A sweet but never cloying tale of a student witch, playfully illustrated.

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Greta's Magical Mistake

With simple rhymes and a gentle spirit, veteran children’s author Cobb (Daddy Did I Ever Say? I Love You, Love You, Every Day, 2012, etc.) offers an enjoyable story of a witch-in-training whose good intentions go awry.

Little Greta Grohm, a student at Wilhelm’s Magic Academy for “magically gifted witches, warlocks and more,” discovers a lonely cat hiding under a car one rainy day. She names him Hamlet and brings him home, confident that her bird friends, Ray and Dew, will be delighted by the new addition to the family. At their first meeting, however, the birds squawk, Hamlet hisses, and general pandemonium breaks out. What to do? Greta, an apprentice witch, waves her wand and tries a spell—and accidentally zaps Hamlet into a painting of sunflowers. She asks her talking magic book for help, and it responds, “What is it now! / Did you turn your mom / into a dog, or the / dog into a cow?” Unfortunately, Greta doesn’t listen to the spell book’s instructions carefully enough, and transports herself, Ray and Dew into the painting. Ray and Drew comfort apologetic Greta (“They flew onto her shoulders, / Ray kissed her with his beak. / Dew then wiped a tear away / as it rolled down her cheek”). The birds, who paid close attention, finally steer Greta in the right direction, and the crisis has a happily-ever-after resolution. This pleasant, engaging story provides valuable messages about friendship and the importance of good listening. Artist Pentangelo’s colorful, playfully skewed images underscore the text’s comical tone and contain numerous small details that attentive readers will enjoy: Greta’s fuzzy kitty slippers, daisy-trimmed skirt and rain boots, her umbrella’s tiny fish decorations, and sunflowers growing out of cups, books and shoes.

A sweet but never cloying tale of a student witch, playfully illustrated. 

Pub Date: April 17, 2013

ISBN: 978-0615796321

Page Count: 46

Publisher: 10 to 2 Children's Books

Review Posted Online: June 13, 2013

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I AM NOT GOING TO GET UP TODAY!

After an eight-year interval, a Beginner Book by this well-loved originator of the series is welcome; and since Seuss hasn't chosen to illustrate it himself, we are lucky to have Stevenson as alternate. In the familiar Seuss pattern of a simple premise exaggerated to comic effect, a boy declares, "My bed is warm. My pillow's deep. Today's the day I'm going to sleep"—regardless of his mother, various arguments, successive waves of reinforcements, including the Marines, and a TV crew filming the momentous event. Actually, the development of the idea is a little tame compared with Seuss' other extravaganzas (and such determined all-day slumber is more the province of teen-agers and the good doctor's contemporaries than of readers at this level); but the book is delightfully enlivened by Stevenson's vigorous illustrations, which considerably augment the text by showing the full extent of the consternation caused by the hero's stubborness. Though there is plenty of the repetition required by learning readers, there are also some unusual words like Memphis, suggesting that this is not the easiest easy reader; but it has enough appeal to keep beginners entertained.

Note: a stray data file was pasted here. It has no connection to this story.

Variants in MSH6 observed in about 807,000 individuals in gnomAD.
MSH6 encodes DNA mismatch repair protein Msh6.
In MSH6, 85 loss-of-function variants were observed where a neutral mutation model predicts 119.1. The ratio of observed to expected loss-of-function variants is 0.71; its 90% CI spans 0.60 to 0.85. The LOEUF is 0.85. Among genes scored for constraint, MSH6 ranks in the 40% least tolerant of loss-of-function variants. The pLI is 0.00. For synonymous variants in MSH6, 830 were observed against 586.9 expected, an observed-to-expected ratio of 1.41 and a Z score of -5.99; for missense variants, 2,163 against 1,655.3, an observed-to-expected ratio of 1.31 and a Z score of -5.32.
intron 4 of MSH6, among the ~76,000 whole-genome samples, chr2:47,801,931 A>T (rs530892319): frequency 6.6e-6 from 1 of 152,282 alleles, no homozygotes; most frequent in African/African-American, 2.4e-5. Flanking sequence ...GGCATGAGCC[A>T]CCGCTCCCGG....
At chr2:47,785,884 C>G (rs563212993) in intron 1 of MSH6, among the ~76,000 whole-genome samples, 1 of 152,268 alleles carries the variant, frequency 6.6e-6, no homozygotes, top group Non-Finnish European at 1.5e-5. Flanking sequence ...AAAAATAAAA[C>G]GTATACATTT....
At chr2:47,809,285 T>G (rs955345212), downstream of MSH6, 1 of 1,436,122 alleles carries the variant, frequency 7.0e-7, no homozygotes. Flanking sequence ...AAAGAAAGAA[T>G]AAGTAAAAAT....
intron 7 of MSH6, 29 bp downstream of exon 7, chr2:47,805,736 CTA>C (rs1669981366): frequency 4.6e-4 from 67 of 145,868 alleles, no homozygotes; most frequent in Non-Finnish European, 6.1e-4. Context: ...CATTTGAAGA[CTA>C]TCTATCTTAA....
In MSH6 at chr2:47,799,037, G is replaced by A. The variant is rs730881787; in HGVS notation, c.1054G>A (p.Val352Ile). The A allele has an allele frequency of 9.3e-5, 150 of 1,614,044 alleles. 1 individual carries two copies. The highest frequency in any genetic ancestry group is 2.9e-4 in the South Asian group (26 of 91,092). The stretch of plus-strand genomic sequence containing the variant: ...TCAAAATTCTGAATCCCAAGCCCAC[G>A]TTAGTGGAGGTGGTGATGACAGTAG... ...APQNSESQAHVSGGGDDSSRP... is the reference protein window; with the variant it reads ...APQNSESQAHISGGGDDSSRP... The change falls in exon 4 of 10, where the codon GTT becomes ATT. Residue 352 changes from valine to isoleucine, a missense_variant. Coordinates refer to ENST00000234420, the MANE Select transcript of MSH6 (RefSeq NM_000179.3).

Pub Date: Oct. 12, 1987

ISBN: 0394892178

Page Count: 40

Publisher: Random House

Review Posted Online: Oct. 19, 2011

Kirkus Reviews Issue: Sept. 15, 1987

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THE LORAX

The greening of Dr. Seuss, in an ecology fable with an obvious message but a savingly silly style. In the desolate land of the Lifted Lorax, an aged creature called the Once-ler tells a young visitor how he arrived long ago in the then glorious country and began manufacturing anomalous objects called Thneeds from "the bright-colored tufts of the Truffula Trees." Despite protests from the Lorax, a native "who speaks for the trees," he continues to chop down Truffulas until he drives away the Brown Bar-ba-loots who had fed on the Tuffula fruit, the Swomee-Swans who can't sing a note for the smogulous smoke, and the Humming-Fish who had hummed in the pond now glumped up with Gluppity-Glupp. As for the Once-let, "1 went right on biggering, selling more Thneeds./ And I biggered my money, which everyone needs" — until the last Truffula falls. But one seed is left, and the Once-let hands it to his listener, with a message from the Lorax: "UNLESS someone like you/ cares a whole awful lot,/ nothing is going to get better./ It's not." The spontaneous madness of the old Dr. Seuss is absent here, but so is the boredom he often induced (in parents, anyway) with one ridiculous invention after another. And if the Once-let doesn't match the Grinch for sheer irresistible cussedness, he is stealing a lot more than Christmas and his story just might induce a generation of six-year-olds to care a whole lot.

Pub Date: Aug. 12, 1971

ISBN: 0394823370

Page Count: 72

Publisher: Random House

Review Posted Online: Oct. 19, 2011

Kirkus Reviews Issue: Sept. 1, 1971

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